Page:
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Glimpses of Revelstoke’s past: June

Local history as recorded by the newspaper of the day
Enterprise Brewery, circa 1950s. Revelstoke Museum and Archives photo P1633.

Compiled by Cathy English, Curator, Revelstoke Museum and Archives

130 years ago: The Kootenay Mail, June 9, 1894

Record floods were recorded throughout the Province. Properties along the Columbia River at Revelstoke were affected, with several stores on Front Street losing property. Fred Fraser, in Big Eddy, had to move his family into town, and moved a lot of his stock to other farms. Fraser lost over half an acre in strawberries and 130 fruit trees.

120 years ago: Revelstoke Herald, June 9, 1904

The Anglican Synod of British Columbia held in annual session in the Oddfellow’s Hall in Revelstoke, presided over by Bishop John Dart of New Westminster. Priests from throughout the province were in attendance.

110 years ago: Revelstoke Mail-Herald, June 6, 1914

The Enterprise Brewery was being re-built of cement blocks. About six feet was being removed from the front of the building where it extended into the street, and it was being enlarged at the back and both sides. The brewery was originally built in 1897 by partners Charles Holten, Thomas Downs, and J.P. Sutherland.

100 years ago: Revelstoke Review, June 5, 1924

The D.O.K.K. Lodge members held a huge community carnival on June 3rd, which they called the Dokey Trail. There was a variety of booths and games, and hotdog and beverage stands, as well as performances by Revelstoke Independent Band and McMahon’s Orchestra. The event was a fundraiser for a new skating rink.

90 years ago: The Revelstoke Review, June 8, 1934

The Department of National Defence set up work camps across Canada for unemployed men. There were eight camps operating around Revelstoke, holding 450 men. Most of the camps were in the Big Bend north of Revelstoke, working on the highway to Golden. There were also camps at Clanwilliam and Three Valley.

80 years ago: The Revelstoke Review, June 8, 1944

Lieutenant Douglas Boyle, Royal Canadian Navy, originally from Revelstoke, was involved in the rescue of survivors from a German U-boat which sunk in the North Atlantic. HMCS Chaudiere, under the direction of Lieutenant Boyle was in charge of the rescue. Boyle eventually gained the rank of Vice-Admiral and Commander Maritime Command before his retirement in the 1970s.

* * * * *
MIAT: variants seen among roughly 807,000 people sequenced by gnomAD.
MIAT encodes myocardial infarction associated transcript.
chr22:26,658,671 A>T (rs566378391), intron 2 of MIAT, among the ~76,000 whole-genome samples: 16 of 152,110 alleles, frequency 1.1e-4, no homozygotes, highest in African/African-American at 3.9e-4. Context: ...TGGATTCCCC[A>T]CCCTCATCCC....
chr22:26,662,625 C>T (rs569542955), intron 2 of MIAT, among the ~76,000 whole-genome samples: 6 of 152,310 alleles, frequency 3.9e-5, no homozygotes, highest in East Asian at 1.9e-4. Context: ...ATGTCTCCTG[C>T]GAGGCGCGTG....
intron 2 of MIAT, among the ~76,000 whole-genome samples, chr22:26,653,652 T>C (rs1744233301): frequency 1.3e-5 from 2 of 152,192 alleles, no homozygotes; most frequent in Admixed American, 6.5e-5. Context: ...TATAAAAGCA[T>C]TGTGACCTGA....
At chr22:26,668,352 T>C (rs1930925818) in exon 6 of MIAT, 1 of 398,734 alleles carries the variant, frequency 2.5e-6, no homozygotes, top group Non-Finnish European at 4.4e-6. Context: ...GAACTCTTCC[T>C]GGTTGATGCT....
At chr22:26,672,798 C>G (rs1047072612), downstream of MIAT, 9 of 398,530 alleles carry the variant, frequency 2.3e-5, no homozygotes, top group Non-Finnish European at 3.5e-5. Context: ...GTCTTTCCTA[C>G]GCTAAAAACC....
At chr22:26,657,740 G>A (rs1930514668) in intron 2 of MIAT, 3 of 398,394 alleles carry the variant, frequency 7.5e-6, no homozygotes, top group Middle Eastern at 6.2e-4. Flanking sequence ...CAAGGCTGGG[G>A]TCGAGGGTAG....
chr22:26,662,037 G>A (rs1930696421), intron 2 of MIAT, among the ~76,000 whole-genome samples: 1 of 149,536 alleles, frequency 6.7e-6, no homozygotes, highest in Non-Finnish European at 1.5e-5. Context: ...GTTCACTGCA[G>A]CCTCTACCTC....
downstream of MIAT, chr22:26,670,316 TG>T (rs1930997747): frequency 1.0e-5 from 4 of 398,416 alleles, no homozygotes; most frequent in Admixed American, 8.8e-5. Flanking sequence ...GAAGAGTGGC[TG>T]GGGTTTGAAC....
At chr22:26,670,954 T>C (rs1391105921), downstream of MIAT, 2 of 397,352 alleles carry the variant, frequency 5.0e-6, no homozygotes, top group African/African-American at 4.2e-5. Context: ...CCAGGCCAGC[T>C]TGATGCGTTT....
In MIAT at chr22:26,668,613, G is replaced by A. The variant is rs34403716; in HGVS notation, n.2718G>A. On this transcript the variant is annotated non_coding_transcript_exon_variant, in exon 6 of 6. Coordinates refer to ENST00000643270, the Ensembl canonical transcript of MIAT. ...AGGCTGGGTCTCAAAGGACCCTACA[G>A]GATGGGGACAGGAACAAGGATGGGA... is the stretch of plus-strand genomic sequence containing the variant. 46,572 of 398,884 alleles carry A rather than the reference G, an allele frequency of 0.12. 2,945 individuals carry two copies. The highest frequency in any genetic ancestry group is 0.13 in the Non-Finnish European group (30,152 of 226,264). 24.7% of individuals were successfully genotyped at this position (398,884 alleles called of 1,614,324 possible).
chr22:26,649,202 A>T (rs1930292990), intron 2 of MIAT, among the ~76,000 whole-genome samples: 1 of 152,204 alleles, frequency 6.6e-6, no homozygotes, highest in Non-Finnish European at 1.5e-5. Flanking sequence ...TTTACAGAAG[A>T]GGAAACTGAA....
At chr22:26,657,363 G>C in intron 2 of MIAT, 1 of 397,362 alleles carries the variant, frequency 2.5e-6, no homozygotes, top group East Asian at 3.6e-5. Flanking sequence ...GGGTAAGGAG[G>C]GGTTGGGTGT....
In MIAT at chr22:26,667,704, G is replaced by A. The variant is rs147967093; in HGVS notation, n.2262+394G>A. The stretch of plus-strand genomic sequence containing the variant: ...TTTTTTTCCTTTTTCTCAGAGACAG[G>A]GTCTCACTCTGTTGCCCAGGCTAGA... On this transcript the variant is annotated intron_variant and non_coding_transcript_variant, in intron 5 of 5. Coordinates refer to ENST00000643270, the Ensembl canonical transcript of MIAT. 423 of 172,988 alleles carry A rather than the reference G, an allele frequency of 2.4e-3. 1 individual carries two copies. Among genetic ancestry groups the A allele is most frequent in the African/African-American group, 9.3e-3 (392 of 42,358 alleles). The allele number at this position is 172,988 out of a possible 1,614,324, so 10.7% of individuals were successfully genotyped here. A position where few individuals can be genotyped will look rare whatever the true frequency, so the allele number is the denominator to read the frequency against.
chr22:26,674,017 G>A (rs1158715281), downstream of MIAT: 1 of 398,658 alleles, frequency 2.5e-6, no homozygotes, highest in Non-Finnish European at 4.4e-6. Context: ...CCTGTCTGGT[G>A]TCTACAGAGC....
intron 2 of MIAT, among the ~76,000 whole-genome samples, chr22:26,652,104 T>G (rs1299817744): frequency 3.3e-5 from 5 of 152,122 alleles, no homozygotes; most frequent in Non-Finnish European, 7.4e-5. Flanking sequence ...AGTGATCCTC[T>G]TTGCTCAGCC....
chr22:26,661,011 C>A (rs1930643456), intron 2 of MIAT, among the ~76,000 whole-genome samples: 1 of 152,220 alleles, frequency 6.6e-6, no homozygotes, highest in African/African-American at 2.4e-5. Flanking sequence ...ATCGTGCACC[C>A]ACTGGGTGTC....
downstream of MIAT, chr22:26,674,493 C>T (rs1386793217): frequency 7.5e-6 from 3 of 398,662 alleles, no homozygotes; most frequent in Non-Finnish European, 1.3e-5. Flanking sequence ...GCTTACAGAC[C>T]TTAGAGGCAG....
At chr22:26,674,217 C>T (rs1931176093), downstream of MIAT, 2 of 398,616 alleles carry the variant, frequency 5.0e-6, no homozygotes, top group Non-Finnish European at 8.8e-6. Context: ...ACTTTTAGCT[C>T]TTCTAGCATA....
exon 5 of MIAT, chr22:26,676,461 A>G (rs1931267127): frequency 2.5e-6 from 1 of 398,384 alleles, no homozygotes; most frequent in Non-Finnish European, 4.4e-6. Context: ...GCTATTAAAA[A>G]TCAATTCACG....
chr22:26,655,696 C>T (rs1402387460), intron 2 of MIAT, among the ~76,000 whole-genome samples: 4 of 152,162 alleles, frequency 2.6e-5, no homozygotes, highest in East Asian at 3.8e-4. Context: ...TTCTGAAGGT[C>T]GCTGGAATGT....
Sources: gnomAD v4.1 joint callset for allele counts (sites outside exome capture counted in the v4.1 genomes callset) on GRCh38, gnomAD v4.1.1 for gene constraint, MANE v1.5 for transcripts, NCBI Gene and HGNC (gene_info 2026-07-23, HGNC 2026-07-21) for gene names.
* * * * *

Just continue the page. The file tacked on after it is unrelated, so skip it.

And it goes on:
70 years ago: Revelstoke Review, June 3, 1954

Two good-sized grizzly bears fell to members of the Collier’s Magazine (of New York) hunting party who were hunting up the Jordan River, with local guide George Laforme. Henry Majchrzak, operator of Heather Lodge, joined the group as their camp cook.

60 years ago: Revelstoke Review, June 4, 1964

Cal Upper and David Howrie spotted four baby cougars in the middle of the highway four miles west of Revelstoke. The cougar kittens quickly ran into the woods.

50 years ago: Revelstoke Review, June 6, 1974

John Kyte, provincial museum advisor was in town the previous week and made an inspection of the new museum quarters in the former Post Office building. Mr. Kyte was impressed with the space and the location. The Historical Association was looking forward to the opportunity to properly display their collection, which had been housed in the basement of the health clinic building since 1963.

40 years ago: Revelstoke Review, June 6, 1984

Norm Tennock was named as project construction manager for Canadian Pacific Rail’s tunnel project in Rogers Pass. He had previously worked on both the Mica Dam and Revelstoke Dam and the grain terminal at Prince Rupert. It was announced that the tunnels would be named Mount Macdonald Tunnel and Mount Shaughnessy Tunnel.

30 years ago: Revelstoke Times Review, June 7, 1994

City council had a closed meeting earlier in the year with a representative for a French-Swiss group looking for possible business ventures in this area. They considered the possibility of investing in the Mount Mackenzie ski hill. The City was still waiting for a lawsuit by Orcanon First Capital to go before the BC Supreme Court after the city declared a sale agreement for the ski hill with the company null and void.

20 years ago: Revelstoke Times Review, June 9, 2004

The Howson block on Mackenzie Avenue that was damaged by fire in November 2003 was being rebuilt, with trusses installed in the upper storey.